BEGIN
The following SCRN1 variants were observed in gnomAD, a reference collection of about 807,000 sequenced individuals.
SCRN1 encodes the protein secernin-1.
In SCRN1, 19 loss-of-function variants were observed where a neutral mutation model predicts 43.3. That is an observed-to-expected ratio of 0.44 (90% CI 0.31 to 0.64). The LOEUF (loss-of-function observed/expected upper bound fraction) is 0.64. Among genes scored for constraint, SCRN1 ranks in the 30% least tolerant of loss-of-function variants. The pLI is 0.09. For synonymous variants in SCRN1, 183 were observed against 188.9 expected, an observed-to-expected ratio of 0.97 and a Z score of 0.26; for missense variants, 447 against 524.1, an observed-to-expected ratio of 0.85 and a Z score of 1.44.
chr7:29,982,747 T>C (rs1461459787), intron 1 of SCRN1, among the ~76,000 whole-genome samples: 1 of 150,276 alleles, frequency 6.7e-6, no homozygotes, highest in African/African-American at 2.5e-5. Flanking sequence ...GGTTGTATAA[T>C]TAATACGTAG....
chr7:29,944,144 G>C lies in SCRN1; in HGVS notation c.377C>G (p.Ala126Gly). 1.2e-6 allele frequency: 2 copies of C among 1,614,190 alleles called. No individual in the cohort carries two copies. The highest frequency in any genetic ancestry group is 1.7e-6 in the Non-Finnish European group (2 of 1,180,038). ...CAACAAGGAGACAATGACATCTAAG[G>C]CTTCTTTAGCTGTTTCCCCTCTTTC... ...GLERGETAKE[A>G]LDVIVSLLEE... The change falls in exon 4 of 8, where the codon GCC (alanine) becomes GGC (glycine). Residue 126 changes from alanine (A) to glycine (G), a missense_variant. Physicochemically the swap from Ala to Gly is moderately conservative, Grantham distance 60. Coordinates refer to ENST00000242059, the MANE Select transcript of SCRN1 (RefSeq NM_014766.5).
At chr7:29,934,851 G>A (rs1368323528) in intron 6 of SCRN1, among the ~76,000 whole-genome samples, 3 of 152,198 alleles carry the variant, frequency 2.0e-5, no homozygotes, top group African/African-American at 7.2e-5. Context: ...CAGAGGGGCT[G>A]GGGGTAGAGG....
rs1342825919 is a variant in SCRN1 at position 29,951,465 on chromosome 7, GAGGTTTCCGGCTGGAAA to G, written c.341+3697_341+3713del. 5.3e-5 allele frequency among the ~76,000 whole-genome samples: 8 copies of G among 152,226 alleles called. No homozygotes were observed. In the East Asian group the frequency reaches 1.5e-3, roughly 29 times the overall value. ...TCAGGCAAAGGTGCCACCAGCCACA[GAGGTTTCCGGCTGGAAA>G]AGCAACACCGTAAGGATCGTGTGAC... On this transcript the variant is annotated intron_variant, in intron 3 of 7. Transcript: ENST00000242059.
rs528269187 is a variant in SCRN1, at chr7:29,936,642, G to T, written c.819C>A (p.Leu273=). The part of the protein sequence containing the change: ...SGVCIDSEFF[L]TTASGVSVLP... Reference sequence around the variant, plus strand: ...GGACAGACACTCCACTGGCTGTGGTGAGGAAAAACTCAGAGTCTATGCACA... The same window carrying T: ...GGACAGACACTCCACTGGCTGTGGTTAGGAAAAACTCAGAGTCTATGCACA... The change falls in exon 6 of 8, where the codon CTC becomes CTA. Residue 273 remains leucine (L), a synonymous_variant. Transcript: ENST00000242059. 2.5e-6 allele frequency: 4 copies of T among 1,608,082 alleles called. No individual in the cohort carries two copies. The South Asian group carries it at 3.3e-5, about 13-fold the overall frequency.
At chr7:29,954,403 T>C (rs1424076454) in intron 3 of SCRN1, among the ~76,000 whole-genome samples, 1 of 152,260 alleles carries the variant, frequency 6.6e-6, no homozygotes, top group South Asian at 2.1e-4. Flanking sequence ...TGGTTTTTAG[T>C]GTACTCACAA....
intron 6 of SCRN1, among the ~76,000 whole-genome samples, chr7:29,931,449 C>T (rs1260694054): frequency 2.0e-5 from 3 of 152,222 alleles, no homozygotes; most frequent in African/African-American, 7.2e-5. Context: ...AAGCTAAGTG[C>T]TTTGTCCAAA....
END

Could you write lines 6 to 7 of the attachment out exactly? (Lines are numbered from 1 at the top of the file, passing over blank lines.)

At chr7:29,934,851 G>A (rs1368323528) in intron 6 of SCRN1, among the ~76,000 whole-genome samples, 3 of 152,198 alleles carry the variant, frequency 2.0e-5, no homozygotes, top group African/African-American at 7.2e-5. Context: ...CAGAGGGGCT[G>A]GGGGTAGAGG....
rs1342825919 is a variant in SCRN1 at position 29,951,465 on chromosome 7, GAGGTTTCCGGCTGGAAA to G, written c.341+3697_341+3713del. 5.3e-5 allele frequency among the ~76,000 whole-genome samples: 8 copies of G among 152,226 alleles called. No homozygotes were observed. In the East Asian group the frequency reaches 1.5e-3, roughly 29 times the overall value. ...TCAGGCAAAGGTGCCACCAGCCACA[GAGGTTTCCGGCTGGAAA>G]AGCAACACCGTAAGGATCGTGTGAC... On this transcript the variant is annotated intron_variant, in intron 3 of 7. Transcript: ENST00000242059.